Hi folks - newbie here looking for a little advice. What's the consensus on converting and compressing 1080i video?
I have 1080i video captured with Huffy in Virtualdub, and playback of it with VLC looks great, but obviously the file is huge. What would you guys recommend I do with it to get it to a sensible size h.264 file? (or anything else of reasonable size)
I've tried bob deinterlace followed by a resize down to 1280x720, but it looks a little blurry compared to just playing back the original 1080i so I'm wondering if I can do better. Am I right in thinking that keeping the video as 1080i will ruin any chances of it compressing nicely due to the interleaving?
+ Reply to Thread
Results 1 to 6 of 6
IMHO, x264 is perfectly equipped for encoding 1080i video. It supports either MBAFF interlacing if the content might be combed (so it can decide whether to encode a slice = a – possibly small – video part in progressive or interlaced mode), or "fake interlacing" to satisfy Blu-ray compatibility if the whole content is in fact really progressive (1080 resolution on Blu-ray must be flagged as "encoded as interlaced", no matter if it is at all combed).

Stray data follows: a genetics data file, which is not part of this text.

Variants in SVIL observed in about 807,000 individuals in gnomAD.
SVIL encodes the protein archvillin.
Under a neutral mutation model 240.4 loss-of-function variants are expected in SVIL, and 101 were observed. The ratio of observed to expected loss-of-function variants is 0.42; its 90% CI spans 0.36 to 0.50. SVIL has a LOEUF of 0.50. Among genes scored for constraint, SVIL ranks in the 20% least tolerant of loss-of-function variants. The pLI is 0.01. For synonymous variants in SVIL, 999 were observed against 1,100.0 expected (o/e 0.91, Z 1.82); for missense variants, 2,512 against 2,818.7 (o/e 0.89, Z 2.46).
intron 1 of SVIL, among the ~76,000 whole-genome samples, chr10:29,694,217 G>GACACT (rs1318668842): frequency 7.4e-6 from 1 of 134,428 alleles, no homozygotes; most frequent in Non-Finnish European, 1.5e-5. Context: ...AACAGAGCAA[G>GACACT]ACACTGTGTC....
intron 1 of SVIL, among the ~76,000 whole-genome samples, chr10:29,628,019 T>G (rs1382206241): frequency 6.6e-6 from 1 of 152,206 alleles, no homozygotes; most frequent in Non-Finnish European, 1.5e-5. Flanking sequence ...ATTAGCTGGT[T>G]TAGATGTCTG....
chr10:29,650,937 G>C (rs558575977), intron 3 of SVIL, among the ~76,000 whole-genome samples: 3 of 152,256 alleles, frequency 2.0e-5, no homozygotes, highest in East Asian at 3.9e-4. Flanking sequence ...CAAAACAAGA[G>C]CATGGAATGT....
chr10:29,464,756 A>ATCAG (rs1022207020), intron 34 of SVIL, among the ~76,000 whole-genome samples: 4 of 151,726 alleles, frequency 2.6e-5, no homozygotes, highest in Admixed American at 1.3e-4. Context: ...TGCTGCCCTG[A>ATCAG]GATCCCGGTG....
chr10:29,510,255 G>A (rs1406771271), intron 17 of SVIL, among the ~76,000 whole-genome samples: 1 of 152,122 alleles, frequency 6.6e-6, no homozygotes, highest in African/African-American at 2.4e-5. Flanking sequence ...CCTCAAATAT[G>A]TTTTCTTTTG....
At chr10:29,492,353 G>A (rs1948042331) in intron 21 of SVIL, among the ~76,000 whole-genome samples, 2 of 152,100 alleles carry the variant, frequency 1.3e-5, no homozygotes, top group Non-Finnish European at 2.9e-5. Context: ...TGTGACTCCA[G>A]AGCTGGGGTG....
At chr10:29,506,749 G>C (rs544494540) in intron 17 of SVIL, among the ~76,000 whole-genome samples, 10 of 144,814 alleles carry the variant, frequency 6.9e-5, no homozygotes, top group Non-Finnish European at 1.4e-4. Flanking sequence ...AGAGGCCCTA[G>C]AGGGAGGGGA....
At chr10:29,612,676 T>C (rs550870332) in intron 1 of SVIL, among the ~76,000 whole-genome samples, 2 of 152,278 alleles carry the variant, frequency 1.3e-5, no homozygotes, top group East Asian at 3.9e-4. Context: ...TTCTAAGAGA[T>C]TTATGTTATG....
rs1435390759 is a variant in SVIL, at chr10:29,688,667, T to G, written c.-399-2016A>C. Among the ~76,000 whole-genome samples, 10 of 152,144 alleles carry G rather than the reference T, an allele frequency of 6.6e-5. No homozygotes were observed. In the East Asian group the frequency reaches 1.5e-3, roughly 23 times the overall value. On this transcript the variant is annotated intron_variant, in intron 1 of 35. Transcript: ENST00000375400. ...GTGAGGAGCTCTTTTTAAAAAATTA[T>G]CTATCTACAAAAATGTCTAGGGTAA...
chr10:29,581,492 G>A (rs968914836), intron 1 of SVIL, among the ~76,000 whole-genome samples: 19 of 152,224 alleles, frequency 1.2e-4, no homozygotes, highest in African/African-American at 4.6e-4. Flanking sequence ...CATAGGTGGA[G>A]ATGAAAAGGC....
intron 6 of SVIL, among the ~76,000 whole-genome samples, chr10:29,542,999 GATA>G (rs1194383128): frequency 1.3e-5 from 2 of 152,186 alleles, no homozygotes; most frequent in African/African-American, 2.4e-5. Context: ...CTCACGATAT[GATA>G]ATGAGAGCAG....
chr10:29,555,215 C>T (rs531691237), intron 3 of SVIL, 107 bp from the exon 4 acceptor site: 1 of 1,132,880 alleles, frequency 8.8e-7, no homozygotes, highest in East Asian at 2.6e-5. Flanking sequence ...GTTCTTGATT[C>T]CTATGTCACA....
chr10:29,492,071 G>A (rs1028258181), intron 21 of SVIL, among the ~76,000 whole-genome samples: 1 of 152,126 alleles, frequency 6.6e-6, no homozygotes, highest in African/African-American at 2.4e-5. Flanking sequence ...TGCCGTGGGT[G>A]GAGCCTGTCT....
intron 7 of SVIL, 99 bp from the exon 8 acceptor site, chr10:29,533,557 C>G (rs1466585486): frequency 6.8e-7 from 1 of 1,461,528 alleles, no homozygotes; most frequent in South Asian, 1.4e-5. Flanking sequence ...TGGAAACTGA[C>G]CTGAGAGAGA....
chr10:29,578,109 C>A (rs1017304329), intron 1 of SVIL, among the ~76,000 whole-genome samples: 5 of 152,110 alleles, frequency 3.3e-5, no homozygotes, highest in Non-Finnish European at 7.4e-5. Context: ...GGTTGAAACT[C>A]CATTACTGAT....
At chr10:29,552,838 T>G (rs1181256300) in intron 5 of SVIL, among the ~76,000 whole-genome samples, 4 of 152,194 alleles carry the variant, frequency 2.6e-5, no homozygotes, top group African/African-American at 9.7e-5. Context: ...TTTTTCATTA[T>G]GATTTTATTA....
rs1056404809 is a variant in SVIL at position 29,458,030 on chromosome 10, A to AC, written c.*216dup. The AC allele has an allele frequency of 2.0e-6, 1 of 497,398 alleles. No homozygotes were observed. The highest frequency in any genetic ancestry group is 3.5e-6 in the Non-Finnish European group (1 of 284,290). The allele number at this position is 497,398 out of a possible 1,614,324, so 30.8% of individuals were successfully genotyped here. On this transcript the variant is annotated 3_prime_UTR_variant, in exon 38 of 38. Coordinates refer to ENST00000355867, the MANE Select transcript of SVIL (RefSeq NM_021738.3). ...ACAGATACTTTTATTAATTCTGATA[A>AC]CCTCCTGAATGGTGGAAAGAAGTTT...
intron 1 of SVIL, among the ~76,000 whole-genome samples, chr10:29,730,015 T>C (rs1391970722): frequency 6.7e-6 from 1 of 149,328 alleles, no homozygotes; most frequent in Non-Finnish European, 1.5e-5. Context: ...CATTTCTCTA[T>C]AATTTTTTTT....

Always check if there is true interlacing by slowly watching a bobbed output field-by-field. No automatic detection can be certain about it.
Converting 1080i to double frame rate 720p is quite common as well, though. QTGMC can do that in a rather high quality in one call, I believe...
Last edited by LigH.de; 20th Sep 2014 at 16:42.
This is for captured TV. Stepping frame-by-frame it doesn't look combed, so perhaps I don't understand interlacing as well as I thought I did, or maybe my eyes can't see it at 1080.
I was not aware that any codecs handled interlacing nicely so I'm tempted to look at converting straight to x264 (I'll just throw it into Handbrake and see what happens.) Must admit the last time I captured any video we were all using xvid and it didn't take kindly to interlaced sources.
I did not mean to check the original video frame-by-frame, that is unreliable.
I suggested to check the bobbed result field-by-field (means, apply a Bob() filter), in a scene with a steady motion or pan, and count almost equal fields. Steady motion = pure interlacing; forth-back motion = wrong field dominance (TFF/BFF); always double fields = progressive frames; double and triple fields alternating = Telecine (very rare with HD video, I hope); visible blends ... advanced repair.
Handbrake or some other x264 encoder and do a 1-pass CRF encode for 20 or thereabouts and see if the final size is okay for you.
LigH.de's suggestion is a good one - bobbing it and then checking for pairs of frames the same or every frame different. One reason for doing it that way is because sometimes the player being used will deinterlace it by default and you can't be sure there's no interlacing present. However, since you said it's from a television capture I'm inclined to agree the content isn't interlaced. But that by itself is no guarantee.
Last edited by manono; 20th Sep 2014 at 20:38.